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Apr 21st
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The Taxi Project

music TaxiProjectJosh Montoya refuses to give anything less than his full attention when it comes to any musical experience—a trait that makes him both an excellent musician, and a terrible multitasker. “I can’t even drive with music on,” he says. “It would be like bringing a Gameboy to an art museum.” Since 2008, he’s provided lead vocals and acoustic strums for The Taxi Project, as well as composed and arranged tunes for the sprawling band.

“There’s 14 different people that played on the record, between official members and special guests,” he says, referring to the band’s latest album, Dry Bones Dancing. “I really want the record to be an experience, [for people] to feel like they’ve gone on a ride, and feel like they’re in a different place than where they started.” Considering the quality of the album and the caliber of the band, Montoya appears to have accomplished his objective. Filled with layer upon layer of instrumentation and Montoya’s soulful vocals, Dry Bones Dancing balances structured songs and extended jams, sweeping the listener up in a wave of sound without watering down the basics of melody and rhythm. “We focus on improv,” he says. “The goal is for the audience to never see the same show twice.” The band will release four songs off the album each Thursday in January on its website, starting on Jan. 5 and ending on Jan. 26, when it will become available for purchase on iTunes. “[We’re] very proud of what we’ve made” says Montoya. “When I say that I’m proud of it, it’s in the same sense that you get after a good workout. A sense of peace, like, we got to where we were hoping we could get … We did the thing we set out to do, and now whatever people think of it is icing on the cake.” SCOTT MORLEY


INFO: For more information about The Taxi Project, upcoming shows, and to hear songs off the band’s latest album, visit thetaxiproject.com.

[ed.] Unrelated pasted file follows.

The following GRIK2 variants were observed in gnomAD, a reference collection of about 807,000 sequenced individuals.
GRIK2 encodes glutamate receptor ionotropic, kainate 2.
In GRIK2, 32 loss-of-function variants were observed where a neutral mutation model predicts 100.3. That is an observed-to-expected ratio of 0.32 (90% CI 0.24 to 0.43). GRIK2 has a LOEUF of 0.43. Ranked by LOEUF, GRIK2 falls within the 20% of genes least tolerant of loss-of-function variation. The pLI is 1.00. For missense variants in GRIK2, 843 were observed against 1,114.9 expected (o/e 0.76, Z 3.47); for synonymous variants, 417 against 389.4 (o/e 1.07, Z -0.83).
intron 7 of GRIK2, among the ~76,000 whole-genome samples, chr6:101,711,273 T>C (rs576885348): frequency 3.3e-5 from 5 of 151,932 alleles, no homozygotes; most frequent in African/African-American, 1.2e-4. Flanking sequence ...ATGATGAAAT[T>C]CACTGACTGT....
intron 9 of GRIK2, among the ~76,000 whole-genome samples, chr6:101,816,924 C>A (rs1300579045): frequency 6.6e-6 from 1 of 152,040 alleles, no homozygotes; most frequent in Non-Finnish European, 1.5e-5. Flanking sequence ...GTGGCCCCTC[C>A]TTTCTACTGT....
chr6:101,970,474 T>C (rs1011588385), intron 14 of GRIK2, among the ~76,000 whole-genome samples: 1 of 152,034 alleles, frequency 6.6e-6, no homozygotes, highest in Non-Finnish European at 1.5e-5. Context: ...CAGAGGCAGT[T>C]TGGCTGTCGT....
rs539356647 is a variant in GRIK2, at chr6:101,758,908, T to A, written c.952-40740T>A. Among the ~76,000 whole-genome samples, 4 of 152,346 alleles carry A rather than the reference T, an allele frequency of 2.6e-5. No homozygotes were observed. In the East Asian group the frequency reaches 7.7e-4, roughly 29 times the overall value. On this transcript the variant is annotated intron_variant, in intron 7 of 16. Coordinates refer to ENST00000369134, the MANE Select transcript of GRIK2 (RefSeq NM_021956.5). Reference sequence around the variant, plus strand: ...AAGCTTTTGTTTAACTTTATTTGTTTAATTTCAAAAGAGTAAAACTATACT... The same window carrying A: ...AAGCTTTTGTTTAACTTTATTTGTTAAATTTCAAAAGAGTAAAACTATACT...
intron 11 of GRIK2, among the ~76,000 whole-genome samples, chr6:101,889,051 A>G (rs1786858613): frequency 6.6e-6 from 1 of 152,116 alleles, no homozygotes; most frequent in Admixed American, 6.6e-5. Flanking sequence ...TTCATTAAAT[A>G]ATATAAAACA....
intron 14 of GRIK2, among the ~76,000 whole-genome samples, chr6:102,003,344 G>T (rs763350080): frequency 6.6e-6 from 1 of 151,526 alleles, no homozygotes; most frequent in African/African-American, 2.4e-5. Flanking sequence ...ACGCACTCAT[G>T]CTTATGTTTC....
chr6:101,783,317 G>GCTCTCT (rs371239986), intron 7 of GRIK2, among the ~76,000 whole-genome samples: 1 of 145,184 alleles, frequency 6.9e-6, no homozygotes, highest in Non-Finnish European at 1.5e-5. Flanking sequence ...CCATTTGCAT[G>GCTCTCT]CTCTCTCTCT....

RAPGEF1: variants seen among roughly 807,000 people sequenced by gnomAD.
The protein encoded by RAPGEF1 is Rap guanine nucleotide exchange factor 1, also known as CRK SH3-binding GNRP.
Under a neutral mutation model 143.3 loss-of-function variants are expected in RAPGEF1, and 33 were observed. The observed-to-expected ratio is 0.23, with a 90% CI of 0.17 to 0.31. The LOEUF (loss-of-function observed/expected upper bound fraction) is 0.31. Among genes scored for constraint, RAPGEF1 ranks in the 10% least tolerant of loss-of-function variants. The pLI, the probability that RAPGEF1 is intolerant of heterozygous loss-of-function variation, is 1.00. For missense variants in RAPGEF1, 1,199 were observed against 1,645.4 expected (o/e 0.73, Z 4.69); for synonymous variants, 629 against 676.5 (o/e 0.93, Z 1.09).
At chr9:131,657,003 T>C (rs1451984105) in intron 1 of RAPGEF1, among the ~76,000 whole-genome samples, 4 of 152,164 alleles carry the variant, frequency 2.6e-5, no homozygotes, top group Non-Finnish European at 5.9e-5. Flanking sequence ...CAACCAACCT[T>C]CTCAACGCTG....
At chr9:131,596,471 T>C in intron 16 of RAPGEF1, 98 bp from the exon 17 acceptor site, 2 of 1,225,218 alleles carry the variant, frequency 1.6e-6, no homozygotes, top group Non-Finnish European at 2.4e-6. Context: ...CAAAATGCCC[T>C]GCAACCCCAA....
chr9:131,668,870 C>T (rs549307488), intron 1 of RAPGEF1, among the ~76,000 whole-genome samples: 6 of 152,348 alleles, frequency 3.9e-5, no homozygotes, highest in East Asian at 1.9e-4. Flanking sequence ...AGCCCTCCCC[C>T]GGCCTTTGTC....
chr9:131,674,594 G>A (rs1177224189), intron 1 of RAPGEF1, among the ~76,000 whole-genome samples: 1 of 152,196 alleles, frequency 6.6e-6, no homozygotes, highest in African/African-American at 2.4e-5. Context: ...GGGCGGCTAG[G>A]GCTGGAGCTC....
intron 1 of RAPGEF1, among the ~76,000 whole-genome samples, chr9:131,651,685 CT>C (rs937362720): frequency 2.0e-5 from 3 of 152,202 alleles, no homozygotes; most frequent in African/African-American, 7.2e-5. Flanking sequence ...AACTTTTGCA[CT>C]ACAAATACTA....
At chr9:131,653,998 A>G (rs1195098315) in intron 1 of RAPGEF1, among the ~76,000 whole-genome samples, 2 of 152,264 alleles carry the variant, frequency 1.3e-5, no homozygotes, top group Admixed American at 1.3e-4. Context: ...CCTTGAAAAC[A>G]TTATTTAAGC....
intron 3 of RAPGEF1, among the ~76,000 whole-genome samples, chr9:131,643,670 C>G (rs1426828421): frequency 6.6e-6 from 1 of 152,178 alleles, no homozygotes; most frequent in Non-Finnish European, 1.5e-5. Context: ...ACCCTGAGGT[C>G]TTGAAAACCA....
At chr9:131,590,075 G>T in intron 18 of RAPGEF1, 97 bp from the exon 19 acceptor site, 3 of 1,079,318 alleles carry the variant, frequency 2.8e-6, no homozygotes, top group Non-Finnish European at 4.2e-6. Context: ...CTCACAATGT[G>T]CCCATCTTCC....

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Cardinal Grand Cross in the Sky

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Sugar: The New Tobacco?

Proposed bill would require warning labels on sugary drinks Will soda and other saccharine libations soon come with a health warning? They will if it’s up to our state senator, Bill Monning (D-Carmel). On Feb. 27, Monning proposed first-of-its-kind legislation that would require a consumer warning label be placed on sugar-sweetened beverages sold in California. SB 1000, also known as the Sugar-Sweetened Beverages Safety Warning Act, was proposed to provide vital information to consumers about the harmful effects of consuming sugary drinks, such as sodas, sports drinks, energy drinks, and sweetened teas.

 

Film, Times & Events: Week of April 17

Santa Cruz area movie theaters >

 

Growing Hope

Campos Seguros combats sexual assault in the Watsonville farmworker community Farm work was a way of life for Rocio Camargo, who grew up in Watsonville as the daughter of Mexican immigrants. Her parents met while working the fields 30 years ago, and her father went on to run Fuentes Berry Farms.
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